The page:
Developments in the global economy, the effects of the pandemic and the collapse of the “state of corruption”, call for a new model of economic development for Cyprus.
The state has an important and substantial role to play in shaping the economy. It needs to facilitate growth by ensuring a healthy business environment and setting a strategy to promote investment. Given the current state of affairs, a prerequisite for the recovery is the fight against corruption and the upgrading of Cyprus’ image as a serious investment destination. The key to growth with social justice is the development of the potential of human capital, by enabling access to equal opportunities for everyone.
The Cypriot economy has flexibility and comparative advantages that can be utilised to a much greater degree. We enjoy an above average standard of living which is largely due to the high level of education of our people, their industriousness and the adaptability shown by the business sector. At the same time, Cyprus’ participation in the EU and the Eurozone, which offers an overall policy framework as well as financial resources for development and the upgrading of environmental and social policy, is also a positive contribution.
However, the government’s socio-economic policy exhibits glaring and growing weaknesses. Without a long-term vision and prioritisation, it is reduced to opportunistic interventions. The policy and decision-making framework is anachronistic, driven by vested economic interests, with strong elements of corruption.
The growth of our economy is mainly based on tourism and construction. The excessive development of the construction sector, with the encouragement of the construction of high towers for the sale of ‘golden passports’, has provided great benefits to specific interest groups while making huge damage to Cyprus’s image as an investment centre. Other areas of business activity, based on the knowledge, technology, and new skills of our young people, have been neglected.
The social structure remains incomplete for the vulnerable groups and the low pensioners. Creating quality jobs for our young people is our debt to the younger generation. We will rely on them to get ahead in the areas of green growth and technology, which are fields where we are lagging behind. The digital skills of our population will be upgraded once the state leads by example by digitalising the services offered by the public sector.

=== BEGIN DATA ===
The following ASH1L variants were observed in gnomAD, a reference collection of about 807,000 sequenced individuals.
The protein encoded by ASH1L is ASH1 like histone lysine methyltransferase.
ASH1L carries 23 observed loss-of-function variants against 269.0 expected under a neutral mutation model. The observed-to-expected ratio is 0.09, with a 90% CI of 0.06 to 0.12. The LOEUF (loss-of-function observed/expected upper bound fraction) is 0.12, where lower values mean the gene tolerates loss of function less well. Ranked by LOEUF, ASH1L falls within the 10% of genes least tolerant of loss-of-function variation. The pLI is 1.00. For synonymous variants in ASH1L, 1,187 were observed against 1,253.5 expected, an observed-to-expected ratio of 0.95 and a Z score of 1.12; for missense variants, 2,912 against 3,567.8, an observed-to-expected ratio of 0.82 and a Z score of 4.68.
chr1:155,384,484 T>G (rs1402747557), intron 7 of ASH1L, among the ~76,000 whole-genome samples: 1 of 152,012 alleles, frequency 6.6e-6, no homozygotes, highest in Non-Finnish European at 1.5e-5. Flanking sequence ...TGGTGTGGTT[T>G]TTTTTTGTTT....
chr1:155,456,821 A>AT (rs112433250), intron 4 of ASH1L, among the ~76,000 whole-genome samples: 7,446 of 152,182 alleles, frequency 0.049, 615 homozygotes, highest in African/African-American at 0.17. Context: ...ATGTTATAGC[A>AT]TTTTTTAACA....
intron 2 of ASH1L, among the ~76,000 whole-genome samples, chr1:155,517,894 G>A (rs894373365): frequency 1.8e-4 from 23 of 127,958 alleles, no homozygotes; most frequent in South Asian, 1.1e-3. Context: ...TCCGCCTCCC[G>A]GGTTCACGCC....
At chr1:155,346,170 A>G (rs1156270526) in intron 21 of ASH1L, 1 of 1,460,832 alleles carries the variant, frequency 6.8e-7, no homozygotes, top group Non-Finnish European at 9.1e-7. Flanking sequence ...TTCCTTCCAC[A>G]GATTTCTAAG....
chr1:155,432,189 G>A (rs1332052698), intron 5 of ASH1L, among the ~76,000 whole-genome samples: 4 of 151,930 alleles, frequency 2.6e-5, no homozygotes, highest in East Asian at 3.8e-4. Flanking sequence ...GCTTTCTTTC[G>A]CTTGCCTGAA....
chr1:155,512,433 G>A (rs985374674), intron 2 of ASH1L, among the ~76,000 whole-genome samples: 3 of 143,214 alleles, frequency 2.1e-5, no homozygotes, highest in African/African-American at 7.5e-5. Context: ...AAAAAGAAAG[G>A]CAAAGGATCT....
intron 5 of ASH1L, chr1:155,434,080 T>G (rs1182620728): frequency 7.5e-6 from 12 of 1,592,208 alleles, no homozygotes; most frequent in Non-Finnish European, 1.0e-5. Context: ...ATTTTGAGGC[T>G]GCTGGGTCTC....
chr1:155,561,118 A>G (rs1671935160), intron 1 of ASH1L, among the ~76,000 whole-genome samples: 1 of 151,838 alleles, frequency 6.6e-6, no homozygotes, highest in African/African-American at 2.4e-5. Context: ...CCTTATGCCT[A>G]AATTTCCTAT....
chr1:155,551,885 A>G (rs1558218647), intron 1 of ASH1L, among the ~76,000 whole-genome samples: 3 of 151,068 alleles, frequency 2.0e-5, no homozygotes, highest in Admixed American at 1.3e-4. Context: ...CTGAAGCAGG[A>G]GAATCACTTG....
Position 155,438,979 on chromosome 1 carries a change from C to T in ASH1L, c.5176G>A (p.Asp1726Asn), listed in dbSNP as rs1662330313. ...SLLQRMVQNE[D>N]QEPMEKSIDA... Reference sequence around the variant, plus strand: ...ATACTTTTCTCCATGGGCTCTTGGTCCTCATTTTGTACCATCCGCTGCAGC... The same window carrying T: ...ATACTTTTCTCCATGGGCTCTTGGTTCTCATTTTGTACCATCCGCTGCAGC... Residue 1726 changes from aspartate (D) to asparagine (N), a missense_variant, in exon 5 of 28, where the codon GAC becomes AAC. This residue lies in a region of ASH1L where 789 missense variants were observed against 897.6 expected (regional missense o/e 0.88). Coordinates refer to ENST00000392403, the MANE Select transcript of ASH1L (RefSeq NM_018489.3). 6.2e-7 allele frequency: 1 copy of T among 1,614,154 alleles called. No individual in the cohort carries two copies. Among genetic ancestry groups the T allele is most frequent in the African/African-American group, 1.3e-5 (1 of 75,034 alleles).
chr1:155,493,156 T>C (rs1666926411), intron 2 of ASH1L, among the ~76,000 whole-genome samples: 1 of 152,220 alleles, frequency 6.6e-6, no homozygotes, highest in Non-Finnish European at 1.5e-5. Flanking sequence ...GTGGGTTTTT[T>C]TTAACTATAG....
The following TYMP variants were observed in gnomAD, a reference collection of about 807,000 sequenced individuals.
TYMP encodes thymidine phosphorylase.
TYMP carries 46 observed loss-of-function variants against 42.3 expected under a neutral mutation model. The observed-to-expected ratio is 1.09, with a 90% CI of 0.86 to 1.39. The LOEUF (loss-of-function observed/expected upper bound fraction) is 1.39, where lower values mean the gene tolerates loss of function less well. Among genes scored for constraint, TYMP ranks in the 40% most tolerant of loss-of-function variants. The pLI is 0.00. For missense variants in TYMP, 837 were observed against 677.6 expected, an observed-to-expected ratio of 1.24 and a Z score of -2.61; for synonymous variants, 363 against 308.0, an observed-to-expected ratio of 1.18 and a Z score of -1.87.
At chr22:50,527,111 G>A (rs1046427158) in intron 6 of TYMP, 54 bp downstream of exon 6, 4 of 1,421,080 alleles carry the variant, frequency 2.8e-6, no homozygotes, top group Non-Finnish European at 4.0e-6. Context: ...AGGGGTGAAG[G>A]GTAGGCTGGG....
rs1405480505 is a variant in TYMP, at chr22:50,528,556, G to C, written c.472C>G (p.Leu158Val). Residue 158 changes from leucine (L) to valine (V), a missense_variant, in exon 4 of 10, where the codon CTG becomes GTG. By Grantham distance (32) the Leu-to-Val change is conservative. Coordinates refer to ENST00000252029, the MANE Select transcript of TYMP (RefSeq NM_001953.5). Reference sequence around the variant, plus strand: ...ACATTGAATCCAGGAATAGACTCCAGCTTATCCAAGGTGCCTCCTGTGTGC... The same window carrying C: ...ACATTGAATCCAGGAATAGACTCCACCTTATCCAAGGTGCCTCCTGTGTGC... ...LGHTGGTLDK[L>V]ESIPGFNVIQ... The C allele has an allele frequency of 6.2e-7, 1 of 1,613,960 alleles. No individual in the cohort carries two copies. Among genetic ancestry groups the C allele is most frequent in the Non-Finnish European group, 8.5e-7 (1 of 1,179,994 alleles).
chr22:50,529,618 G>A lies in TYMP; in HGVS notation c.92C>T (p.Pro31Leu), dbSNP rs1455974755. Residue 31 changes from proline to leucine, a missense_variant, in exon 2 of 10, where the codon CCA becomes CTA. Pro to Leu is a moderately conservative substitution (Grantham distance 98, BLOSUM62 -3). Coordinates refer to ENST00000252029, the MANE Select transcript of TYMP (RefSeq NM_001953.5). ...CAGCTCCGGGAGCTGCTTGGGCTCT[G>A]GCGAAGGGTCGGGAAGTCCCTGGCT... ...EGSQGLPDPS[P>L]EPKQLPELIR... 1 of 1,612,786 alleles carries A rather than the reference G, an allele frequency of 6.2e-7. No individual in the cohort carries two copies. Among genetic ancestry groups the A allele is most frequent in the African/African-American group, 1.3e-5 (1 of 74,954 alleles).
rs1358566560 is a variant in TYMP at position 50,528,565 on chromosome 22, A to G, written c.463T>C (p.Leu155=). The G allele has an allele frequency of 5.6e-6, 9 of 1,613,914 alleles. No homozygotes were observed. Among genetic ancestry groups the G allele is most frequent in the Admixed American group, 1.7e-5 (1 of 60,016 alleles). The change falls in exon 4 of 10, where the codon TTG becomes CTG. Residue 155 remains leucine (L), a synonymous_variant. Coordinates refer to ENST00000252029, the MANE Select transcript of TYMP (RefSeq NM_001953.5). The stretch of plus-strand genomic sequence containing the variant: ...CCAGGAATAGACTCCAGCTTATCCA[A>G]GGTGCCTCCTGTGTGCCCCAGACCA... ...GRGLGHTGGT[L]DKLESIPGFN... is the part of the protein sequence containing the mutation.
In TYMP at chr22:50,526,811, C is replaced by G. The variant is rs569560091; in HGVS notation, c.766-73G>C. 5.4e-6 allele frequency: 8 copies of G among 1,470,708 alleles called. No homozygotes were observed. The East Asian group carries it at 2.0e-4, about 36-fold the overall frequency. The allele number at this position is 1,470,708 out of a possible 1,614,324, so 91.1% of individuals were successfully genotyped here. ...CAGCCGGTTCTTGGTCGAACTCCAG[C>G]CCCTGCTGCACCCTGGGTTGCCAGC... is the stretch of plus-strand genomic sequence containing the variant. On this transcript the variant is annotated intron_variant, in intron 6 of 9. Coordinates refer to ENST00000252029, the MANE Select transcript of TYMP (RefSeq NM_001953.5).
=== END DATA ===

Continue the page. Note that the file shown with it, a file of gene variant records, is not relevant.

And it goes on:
The Cypriot economy stands at a critical juncture. A continuation of the current course will lead to a worsening of chronic structural problems, with dire repercussions on the living standards of the Cypriot people.
My proposal has emerged from an intensive dialogue with society at large and focuses on three main pillars:
- Rebuilding and diversifying the base of the economy by promoting growth sectors that provide productive employment for our young people, and supporting business innovation with environmentally friendly investments
- Effective support for vulnerable groups with extensive education and retraining programmes to enable them to participate in economic and social life
- Upgrading the environment to ensure the quality of life of future generations.
In the social sector in particular, some concrete policy measures include,
(a) adjusting the minimum income with an institutionally based system of revising it to the constantly changing circumstances,
(b) introducing and creating a mechanism for the continuous adjustment of the minimum wage, so that it rises to 60% of average income, as in the socially developed countries of Europe; and,
(c) modernising the pension system, with the institutionalisation of occupational pensions in the private sector as a key pillar, so that all citizens enjoy adequate pensions.
All these presuppose an enhanced role for the state free of corruption. The “Honest State” can restore the dynamic of a modernised public service so as to play its important role effectively.
In this way we will lay the right foundations for an economy that is free from the weights of corruption that so plagues our country and will give special emphasis to growth with social justice and solidarity.
18 February 2022